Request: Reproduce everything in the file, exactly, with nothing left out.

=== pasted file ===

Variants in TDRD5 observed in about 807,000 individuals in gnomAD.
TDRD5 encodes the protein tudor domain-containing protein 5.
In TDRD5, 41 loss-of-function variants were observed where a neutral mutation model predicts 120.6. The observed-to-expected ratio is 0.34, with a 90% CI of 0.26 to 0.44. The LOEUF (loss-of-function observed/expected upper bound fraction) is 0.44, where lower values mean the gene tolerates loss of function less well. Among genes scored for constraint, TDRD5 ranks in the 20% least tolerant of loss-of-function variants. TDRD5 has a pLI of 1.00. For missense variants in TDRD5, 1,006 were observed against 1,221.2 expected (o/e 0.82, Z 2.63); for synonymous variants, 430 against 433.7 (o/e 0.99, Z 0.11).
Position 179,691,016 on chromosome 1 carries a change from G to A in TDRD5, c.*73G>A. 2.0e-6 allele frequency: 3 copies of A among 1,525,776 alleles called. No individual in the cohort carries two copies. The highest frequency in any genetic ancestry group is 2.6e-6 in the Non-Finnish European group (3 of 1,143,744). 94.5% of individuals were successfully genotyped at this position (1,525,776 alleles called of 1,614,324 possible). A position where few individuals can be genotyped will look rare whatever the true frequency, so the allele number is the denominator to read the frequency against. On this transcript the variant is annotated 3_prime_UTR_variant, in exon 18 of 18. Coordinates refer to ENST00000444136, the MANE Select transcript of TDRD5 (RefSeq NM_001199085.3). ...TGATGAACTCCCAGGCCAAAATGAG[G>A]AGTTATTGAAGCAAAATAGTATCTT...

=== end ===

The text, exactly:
Variants in TDRD5 observed in about 807,000 individuals in gnomAD.
TDRD5 encodes the protein tudor domain-containing protein 5.
In TDRD5, 41 loss-of-function variants were observed where a neutral mutation model predicts 120.6. The observed-to-expected ratio is 0.34, with a 90% CI of 0.26 to 0.44. The LOEUF (loss-of-function observed/expected upper bound fraction) is 0.44, where lower values mean the gene tolerates loss of function less well. Among genes scored for constraint, TDRD5 ranks in the 20% least tolerant of loss-of-function variants. TDRD5 has a pLI of 1.00. For missense variants in TDRD5, 1,006 were observed against 1,221.2 expected (o/e 0.82, Z 2.63); for synonymous variants, 430 against 433.7 (o/e 0.99, Z 0.11).
Position 179,691,016 on chromosome 1 carries a change from G to A in TDRD5, c.*73G>A. 2.0e-6 allele frequency: 3 copies of A among 1,525,776 alleles called. No individual in the cohort carries two copies. The highest frequency in any genetic ancestry group is 2.6e-6 in the Non-Finnish European group (3 of 1,143,744). 94.5% of individuals were successfully genotyped at this position (1,525,776 alleles called of 1,614,324 possible). A position where few individuals can be genotyped will look rare whatever the true frequency, so the allele number is the denominator to read the frequency against. On this transcript the variant is annotated 3_prime_UTR_variant, in exon 18 of 18. Coordinates refer to ENST00000444136, the MANE Select transcript of TDRD5 (RefSeq NM_001199085.3). ...TGATGAACTCCCAGGCCAAAATGAG[G>A]AGTTATTGAAGCAAAATAGTATCTT...